I think we should all be a bit more materialistic this Christmas. No really. We so often talk about finding the spirit of Christmas, but the actual Christmas story is about the Spirit finding flesh and blood. John described the incarnation this way, “The Word became flesh and made his dwelling among us.” God, who is completely other, transcendent, became one of us at Christmas. In doing so, he declared once and for all that matter matters (sorry, I couldn’t resist).
Now, obviously, the incarnation isn’t saying that only the material aspect of this world is important. No one has ever relied more on the spiritual side of life than Jesus Christ. But Jesus also made plain that the spiritual and the physical are anything but enemies of one another. He fed the hungry; he gave sight to the blind; he touched the leper. In every instance, the physical not only gave testimony to the spiritual, but was tied up with it. Physical healing served as the evidence of God’s kingdom come. Even at his departure, Jesus left his church with the most physical reminders of his presence: the cold, wet waters of baptism, the warm, delicious taste of the bread, the deep, crimson color of the wine. The physical and spiritual inseparably tied up together.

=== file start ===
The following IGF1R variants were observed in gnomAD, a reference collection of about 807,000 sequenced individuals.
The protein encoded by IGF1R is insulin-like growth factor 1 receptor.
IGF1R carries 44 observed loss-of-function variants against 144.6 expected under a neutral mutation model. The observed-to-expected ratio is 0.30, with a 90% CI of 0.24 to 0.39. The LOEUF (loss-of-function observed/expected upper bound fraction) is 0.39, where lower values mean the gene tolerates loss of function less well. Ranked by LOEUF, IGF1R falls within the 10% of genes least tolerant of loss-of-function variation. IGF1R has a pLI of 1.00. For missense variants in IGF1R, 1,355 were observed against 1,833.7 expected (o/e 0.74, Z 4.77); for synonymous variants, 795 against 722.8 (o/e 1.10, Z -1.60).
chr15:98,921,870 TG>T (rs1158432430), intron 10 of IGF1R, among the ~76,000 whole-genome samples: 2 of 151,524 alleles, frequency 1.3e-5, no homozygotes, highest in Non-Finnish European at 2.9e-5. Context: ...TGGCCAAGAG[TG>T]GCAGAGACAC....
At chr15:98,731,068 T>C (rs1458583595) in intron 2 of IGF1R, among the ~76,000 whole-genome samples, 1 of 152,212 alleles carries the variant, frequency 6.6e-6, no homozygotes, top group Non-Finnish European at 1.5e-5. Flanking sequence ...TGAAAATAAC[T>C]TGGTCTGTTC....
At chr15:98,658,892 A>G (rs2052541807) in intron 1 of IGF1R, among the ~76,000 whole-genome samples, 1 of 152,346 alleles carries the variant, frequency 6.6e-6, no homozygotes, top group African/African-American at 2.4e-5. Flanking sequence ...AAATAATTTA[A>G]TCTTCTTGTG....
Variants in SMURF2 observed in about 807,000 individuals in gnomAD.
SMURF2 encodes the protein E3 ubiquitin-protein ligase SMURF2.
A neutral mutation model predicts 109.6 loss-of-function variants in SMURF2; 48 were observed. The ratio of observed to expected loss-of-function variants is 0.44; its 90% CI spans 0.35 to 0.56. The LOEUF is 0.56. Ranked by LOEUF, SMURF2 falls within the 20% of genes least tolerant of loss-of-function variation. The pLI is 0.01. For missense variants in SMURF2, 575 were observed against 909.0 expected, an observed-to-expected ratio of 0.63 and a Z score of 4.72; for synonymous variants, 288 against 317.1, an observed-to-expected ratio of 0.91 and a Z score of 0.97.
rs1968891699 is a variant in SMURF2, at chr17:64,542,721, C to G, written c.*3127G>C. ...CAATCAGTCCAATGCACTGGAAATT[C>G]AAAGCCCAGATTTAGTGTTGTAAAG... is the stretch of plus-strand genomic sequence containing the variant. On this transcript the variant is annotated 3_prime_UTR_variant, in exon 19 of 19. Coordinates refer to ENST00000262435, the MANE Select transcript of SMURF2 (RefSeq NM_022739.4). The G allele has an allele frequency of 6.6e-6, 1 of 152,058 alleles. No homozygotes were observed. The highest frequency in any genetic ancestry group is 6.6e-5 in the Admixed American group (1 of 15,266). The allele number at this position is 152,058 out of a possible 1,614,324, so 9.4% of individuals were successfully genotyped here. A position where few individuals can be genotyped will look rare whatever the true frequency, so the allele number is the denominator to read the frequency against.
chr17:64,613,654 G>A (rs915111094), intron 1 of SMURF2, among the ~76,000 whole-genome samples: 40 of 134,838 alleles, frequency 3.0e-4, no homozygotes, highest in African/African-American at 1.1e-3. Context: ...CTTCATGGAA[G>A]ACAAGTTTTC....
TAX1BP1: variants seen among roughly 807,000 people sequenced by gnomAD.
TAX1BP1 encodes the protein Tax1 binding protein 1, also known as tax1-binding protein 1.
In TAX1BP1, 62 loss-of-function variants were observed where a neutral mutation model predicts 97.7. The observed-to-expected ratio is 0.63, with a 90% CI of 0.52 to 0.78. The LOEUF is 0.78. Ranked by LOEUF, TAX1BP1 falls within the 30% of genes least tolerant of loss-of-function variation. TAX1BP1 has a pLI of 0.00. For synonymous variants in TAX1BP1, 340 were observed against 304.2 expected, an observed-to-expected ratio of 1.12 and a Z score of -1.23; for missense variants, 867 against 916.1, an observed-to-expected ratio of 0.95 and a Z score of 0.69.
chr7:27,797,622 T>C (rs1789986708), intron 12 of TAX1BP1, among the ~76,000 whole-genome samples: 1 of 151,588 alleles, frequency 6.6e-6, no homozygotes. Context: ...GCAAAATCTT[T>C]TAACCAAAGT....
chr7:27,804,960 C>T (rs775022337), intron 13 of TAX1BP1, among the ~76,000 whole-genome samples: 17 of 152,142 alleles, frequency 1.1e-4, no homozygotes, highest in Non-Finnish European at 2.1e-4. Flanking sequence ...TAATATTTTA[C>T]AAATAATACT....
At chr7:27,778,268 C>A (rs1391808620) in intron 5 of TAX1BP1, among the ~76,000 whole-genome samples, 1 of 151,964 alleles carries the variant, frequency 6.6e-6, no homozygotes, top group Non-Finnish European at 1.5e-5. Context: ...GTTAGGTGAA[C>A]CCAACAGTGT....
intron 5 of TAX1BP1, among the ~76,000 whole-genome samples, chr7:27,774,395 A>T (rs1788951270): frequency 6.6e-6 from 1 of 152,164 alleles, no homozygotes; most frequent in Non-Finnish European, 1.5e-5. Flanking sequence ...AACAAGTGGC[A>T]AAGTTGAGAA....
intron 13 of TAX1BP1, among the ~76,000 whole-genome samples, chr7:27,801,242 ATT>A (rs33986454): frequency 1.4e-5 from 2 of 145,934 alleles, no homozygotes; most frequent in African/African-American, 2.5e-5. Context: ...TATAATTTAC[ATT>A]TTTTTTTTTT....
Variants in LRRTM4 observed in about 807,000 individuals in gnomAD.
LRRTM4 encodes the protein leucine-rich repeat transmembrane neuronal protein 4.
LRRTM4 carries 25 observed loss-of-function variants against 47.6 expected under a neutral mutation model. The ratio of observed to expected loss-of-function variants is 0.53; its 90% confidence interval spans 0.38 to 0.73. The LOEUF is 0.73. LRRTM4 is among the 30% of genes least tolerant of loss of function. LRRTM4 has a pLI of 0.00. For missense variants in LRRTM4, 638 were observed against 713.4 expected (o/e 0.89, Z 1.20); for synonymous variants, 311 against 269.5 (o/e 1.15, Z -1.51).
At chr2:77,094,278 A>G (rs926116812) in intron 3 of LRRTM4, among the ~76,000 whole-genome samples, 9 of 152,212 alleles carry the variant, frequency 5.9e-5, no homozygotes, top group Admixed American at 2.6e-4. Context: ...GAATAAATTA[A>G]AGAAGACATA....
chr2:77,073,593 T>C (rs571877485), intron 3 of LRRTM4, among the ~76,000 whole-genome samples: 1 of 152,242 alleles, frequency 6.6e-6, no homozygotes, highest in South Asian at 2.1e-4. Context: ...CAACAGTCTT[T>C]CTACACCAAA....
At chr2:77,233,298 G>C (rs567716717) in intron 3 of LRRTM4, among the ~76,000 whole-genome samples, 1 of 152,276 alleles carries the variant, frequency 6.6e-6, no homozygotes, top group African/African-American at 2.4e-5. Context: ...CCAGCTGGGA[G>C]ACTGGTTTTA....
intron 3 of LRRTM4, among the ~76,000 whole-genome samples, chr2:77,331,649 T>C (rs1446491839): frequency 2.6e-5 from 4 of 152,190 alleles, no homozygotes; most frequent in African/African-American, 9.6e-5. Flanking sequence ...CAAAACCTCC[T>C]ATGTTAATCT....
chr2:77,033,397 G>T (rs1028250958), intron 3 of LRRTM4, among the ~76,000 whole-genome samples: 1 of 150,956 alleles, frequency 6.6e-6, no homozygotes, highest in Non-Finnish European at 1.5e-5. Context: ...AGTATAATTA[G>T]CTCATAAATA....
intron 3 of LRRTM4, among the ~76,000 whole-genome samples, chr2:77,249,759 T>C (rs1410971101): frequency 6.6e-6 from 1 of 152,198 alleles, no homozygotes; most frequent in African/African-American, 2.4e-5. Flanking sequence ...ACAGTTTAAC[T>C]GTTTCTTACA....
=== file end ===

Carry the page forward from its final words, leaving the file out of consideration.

So, this Christmas, some of us need to be a little more materialistic. That is we need to value the matter we find around us. No, I don’t mean all the gadgets and gizmos we find for sale in the market, but the salespeople we meet, the beggars we pass, the neighbor we greet, the family we welcome home. Each and every one of them a soul, yes, but a soul that enlivens flesh and blood. Matter that matters enough to God for him to become one of us. May they be important to us, as well.
Suppose a brother or sister is without clothes and daily food. If one of you says to him, “Go, I wish you well; keep warm and well fed,” but does nothing about his physical needs, what good is it? – James 2:15-16.